Following the tragedy of Typhoon Haiyan, people around the world want to help out and send support in any way possible. While support is greatly needed, there’s one donation that does more harm than good: infant formula.
The department of health has been active in encouraging breastfeeding in the Philippines. They have a policy in place that bans donations of infant formula to those living in temporary shelters during tragedy, such as the recent typhoon. Government officials and hospitals in Manila are asking nursing mothers across the nation to donate breast milk to those affected by the typhoon in the central Philippines. Clean drinking water is scarce at this time and mixing infant formula with contaminated water could be fatal.
“Mixing formula with dirty water would be deadly for babies. Breastfeeding babies even at the best of times, even when there is no disaster, is the best thing you could do for a baby. It is absolutely vital that women are supported to breastfeed their babies fully for six months,” said Julie Hall, the Philippines’ World Health Organization (WHO)’s representative.
Dirty water aside, formula donations could also dissuade mothers to breastfeed their babies. Breast milk donations will not be accepted from outside the country for the same reason. Dr. Jessica Anne Dumalag, of Manila’s Philippine General Hospital’s (PGH) Human Milk Bank, told Gulf News, “If you’re a breastfeeding mom, you can help ease babies’ plight in Visayas and other Yolanda (Typhoon Haiyan)- hit areas by sharing the milk you give your own children. Milk from lactating mothers is preferred over formula milk, which is basically processed cow’s milk.” Breast milk donations will be pasteurized, frozen, and stored in insulated containers before being shipped to evacuation centers in needed areas. An estimated 12,000 babies will be born in the typhoon hit areas, so breast milk donations are greatly needed.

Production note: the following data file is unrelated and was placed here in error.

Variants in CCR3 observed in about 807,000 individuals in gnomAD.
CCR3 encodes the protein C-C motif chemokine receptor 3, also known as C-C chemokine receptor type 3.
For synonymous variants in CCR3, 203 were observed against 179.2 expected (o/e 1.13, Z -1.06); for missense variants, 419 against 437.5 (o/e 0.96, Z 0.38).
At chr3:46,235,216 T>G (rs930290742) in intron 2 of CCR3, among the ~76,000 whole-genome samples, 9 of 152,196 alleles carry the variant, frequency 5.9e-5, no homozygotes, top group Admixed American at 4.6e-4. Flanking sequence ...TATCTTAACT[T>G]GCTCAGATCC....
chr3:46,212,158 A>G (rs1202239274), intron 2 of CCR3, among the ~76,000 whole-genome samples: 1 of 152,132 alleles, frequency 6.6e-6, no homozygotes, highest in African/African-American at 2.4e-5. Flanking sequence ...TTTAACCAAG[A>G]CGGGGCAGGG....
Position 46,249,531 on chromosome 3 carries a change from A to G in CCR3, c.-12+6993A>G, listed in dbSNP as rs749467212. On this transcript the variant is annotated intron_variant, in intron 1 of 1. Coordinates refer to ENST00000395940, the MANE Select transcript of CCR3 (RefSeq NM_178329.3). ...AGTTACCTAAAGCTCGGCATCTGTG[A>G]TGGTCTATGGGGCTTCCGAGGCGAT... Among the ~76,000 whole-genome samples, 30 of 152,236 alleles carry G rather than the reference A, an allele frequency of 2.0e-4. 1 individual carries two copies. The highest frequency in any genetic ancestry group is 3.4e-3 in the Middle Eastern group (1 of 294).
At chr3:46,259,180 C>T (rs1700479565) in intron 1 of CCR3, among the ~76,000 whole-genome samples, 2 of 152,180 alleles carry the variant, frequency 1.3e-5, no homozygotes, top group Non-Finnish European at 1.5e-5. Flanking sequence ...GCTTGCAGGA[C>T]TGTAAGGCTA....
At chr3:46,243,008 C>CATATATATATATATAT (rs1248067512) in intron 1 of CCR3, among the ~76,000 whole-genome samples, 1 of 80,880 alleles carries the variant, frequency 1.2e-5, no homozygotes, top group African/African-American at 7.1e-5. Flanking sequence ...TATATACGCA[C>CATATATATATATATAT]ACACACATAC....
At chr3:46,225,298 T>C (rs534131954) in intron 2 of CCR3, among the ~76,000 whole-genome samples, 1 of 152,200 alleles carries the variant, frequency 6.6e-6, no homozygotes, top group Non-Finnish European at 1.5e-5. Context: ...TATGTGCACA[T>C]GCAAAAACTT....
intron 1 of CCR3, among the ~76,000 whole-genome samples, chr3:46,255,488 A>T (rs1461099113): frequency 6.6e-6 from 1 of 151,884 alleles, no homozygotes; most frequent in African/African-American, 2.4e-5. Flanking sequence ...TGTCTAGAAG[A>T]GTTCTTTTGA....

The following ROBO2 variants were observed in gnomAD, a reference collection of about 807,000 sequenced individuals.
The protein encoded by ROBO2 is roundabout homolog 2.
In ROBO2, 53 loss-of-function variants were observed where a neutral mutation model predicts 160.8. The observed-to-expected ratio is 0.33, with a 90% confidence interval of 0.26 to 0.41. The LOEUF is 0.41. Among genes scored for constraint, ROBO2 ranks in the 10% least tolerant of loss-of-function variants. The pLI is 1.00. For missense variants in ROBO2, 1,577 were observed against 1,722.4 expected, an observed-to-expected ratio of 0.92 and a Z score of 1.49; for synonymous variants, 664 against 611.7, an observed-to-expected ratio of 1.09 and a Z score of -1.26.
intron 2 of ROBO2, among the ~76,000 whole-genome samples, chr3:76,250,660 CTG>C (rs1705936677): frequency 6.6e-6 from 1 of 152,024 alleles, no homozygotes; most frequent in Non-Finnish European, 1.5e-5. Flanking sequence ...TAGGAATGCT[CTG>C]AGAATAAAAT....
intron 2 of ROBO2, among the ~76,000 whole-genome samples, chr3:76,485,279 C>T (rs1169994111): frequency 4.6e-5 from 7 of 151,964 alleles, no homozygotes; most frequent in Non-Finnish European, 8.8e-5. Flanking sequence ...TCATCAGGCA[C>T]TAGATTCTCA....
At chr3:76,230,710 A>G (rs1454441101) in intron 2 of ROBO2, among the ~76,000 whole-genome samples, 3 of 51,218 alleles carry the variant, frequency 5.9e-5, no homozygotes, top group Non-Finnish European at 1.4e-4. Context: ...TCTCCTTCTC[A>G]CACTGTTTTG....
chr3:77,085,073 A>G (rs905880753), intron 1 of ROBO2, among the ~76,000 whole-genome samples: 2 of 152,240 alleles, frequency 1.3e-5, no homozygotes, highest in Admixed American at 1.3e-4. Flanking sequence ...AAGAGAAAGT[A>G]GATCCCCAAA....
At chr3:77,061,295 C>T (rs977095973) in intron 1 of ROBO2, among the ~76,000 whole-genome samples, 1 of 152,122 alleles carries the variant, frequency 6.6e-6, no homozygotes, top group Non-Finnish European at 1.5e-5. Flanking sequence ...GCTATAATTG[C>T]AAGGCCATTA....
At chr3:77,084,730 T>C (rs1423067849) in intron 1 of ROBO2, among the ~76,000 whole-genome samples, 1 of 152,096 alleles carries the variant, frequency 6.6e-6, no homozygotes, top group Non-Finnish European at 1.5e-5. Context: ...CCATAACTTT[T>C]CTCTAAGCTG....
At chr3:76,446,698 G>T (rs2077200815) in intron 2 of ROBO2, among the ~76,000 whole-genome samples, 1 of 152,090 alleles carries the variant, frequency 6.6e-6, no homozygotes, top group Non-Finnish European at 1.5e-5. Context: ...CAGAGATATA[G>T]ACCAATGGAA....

If you’re in the Philippines and are able to, donate breastmilk. If not, you can still help affected areas by donating money to reputable organizations, such as the Red Cross.
Photo credit: World Health Organization Philippines Annual Report